After fresh denials from the regime it has any prohibited arms or banned military programmes, at least three UN teams were at work in the field testing the claims.
Inspectors from the UN Monitoring, Verification and Inspection Commission (UNMOVIC) went back to the giant Al-Fao engineering plant in the Al-Kremiat area, which they had already visited on Saturday.
A biological team entered the baby milk factory at Abu Ghreib, 20 kilometres (12 kilometres) northwest of the capital.
Suspected of secret biological weapons production, the factory was totally destroyed during the 1991 Gulf war and bombed again in 1998 after reconstruction.
A third team specialised in chemical weapons was working at the Ibn al-Bitar centre for veterinary medicine research, 18 kilometres (11 miles) north of Baghdad. It is run by the industry ministry's Al-Razi company.
Iraq renewed Sunday cautious praise for the efforts of the inspectors to remain neutral, but the official press lashed out Monday at the United States.
President George W. Bush and British Prime Minister Tony Blair were waging a "rabid campaign" against Baghdad, the ruling Baath Party charged.
"Every time the Iraqi question needs to be dealt with calmly, the administration of little Bush and his valet Blair launch a rabid campaign of blatant lies and false accusations to prime the US and Zionist media," said the party daily, Ath-Thawra.
The US administration "is lying, throwing out accusations at will, raising doubts and making assumptions.
"When it runs into a dead-end and has to turn its allegations into solid proof, it invents hollow excuses," Ath-Thawra said.
The government newspaper Al-Jumhuriya stressed that accusations Iraq possesses weapons of mass destruction "are just baseless lies intended to support an attack on Iraq to take over its oil wealth."
UN inspectors had probed six sites on Sunday, including a space research centre, as the United States started sharing sensitive intelligence with the UN inspectors.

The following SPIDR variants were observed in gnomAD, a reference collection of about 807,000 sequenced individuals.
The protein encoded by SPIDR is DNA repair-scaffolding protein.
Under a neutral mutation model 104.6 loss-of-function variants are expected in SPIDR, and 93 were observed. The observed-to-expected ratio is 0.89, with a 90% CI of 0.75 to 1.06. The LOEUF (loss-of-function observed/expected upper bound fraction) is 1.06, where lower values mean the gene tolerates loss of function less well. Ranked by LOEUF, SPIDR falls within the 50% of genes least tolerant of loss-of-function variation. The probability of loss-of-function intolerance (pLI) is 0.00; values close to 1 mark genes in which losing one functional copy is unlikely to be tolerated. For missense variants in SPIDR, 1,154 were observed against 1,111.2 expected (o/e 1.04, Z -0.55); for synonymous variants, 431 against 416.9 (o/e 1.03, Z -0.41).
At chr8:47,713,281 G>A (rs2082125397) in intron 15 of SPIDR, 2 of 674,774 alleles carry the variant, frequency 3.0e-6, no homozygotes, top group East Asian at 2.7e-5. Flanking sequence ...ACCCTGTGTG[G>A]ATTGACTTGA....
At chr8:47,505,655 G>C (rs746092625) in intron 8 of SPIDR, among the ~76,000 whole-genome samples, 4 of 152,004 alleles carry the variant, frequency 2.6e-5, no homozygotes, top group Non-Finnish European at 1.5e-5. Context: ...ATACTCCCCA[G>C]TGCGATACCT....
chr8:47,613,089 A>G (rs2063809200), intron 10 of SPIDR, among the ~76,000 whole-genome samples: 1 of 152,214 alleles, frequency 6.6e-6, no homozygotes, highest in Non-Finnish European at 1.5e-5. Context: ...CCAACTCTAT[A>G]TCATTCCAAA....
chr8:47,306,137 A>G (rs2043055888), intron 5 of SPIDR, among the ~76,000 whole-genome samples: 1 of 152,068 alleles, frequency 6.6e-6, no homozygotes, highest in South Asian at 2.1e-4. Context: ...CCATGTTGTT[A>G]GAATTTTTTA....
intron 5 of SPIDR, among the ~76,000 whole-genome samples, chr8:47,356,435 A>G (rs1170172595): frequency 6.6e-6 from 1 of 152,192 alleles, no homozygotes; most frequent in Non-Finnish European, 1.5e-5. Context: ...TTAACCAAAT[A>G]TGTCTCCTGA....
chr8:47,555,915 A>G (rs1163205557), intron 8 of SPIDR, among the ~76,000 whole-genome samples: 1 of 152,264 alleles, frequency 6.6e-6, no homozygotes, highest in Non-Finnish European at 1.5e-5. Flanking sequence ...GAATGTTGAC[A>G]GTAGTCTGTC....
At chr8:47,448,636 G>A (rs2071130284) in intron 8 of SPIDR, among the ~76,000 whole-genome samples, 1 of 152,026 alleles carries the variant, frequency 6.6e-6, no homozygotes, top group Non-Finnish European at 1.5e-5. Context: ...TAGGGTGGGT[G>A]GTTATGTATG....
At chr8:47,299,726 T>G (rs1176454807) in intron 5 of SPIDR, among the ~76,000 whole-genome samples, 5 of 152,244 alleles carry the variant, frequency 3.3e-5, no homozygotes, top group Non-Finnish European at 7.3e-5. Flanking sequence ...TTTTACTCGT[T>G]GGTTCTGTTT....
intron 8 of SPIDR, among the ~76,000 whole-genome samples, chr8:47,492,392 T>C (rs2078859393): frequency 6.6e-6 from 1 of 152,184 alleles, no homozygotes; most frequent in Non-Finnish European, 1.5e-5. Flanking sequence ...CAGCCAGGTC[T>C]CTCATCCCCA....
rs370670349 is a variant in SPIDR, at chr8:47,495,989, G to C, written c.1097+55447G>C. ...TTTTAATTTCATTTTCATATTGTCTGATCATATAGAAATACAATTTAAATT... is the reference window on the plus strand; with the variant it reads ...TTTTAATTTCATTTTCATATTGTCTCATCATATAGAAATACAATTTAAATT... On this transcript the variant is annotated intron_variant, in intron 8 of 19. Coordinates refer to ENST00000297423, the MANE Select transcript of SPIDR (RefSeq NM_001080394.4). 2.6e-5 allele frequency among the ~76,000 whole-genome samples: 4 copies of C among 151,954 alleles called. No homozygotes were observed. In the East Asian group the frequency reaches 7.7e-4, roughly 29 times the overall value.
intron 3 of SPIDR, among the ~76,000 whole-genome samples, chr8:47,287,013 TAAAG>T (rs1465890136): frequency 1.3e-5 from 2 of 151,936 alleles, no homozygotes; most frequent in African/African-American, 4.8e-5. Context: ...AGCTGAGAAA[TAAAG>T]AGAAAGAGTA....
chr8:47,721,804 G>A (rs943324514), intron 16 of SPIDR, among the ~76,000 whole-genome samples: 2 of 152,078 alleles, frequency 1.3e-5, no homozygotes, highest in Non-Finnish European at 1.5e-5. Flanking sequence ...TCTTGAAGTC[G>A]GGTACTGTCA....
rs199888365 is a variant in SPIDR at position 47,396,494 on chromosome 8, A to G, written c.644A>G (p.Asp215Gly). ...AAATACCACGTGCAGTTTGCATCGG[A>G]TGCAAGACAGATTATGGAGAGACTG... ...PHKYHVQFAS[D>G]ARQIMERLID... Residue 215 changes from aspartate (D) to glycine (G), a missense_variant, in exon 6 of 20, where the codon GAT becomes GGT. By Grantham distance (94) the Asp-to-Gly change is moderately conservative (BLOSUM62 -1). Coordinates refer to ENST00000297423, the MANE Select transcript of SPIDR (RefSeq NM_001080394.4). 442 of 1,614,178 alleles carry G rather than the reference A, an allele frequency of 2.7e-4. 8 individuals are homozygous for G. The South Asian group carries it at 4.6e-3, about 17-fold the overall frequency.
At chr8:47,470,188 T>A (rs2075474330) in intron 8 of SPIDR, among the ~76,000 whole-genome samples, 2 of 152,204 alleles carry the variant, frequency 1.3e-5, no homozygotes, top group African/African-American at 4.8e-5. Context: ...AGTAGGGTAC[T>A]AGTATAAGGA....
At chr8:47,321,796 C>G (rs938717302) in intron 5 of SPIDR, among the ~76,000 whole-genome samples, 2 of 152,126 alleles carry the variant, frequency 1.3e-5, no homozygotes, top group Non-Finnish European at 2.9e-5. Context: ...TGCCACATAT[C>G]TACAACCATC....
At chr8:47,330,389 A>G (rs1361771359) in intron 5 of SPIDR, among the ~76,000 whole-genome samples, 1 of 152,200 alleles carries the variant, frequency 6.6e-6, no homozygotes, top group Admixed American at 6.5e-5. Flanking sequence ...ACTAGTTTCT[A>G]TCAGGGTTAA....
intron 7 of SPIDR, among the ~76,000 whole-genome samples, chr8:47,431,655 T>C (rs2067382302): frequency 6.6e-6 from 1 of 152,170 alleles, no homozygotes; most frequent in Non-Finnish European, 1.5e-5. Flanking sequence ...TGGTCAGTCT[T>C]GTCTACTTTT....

The same day a top advisor to Iraqi President Saddam Hussein said the Central Intelligence Agency was welcome to come and check for itself the sites it has targeted.
"We have no problem with the American intelligence services coming to Iraq and pointing out to the inspectors the sites that they should inspect," said General Amer al-Saadi, Saddam's top adviser on weapons.
"After 24 days of inspections covering practically all the sites named in those reports and after the submission of our declaration of December 7, the lies and baseless allegations have been uncovered," Saadi said.
Saadi said Iraq had no more documentation to support its claims "but we are ready ... to work and cooperate with UNMOVIC to find ways of resolving the remaining disarmament issues, provided also that an assessment is made of the significance of those remaining issues."
He also paid tribute to the UN inspection agency experts as "fully objective".
UNMOVIC, which resumed groundwork on November 27 after a four-year break from UN inspections, is tasked with disarming Iraq under UN Resolution 1441, which threatens serious consequences if Baghdad fails to cooperate fully.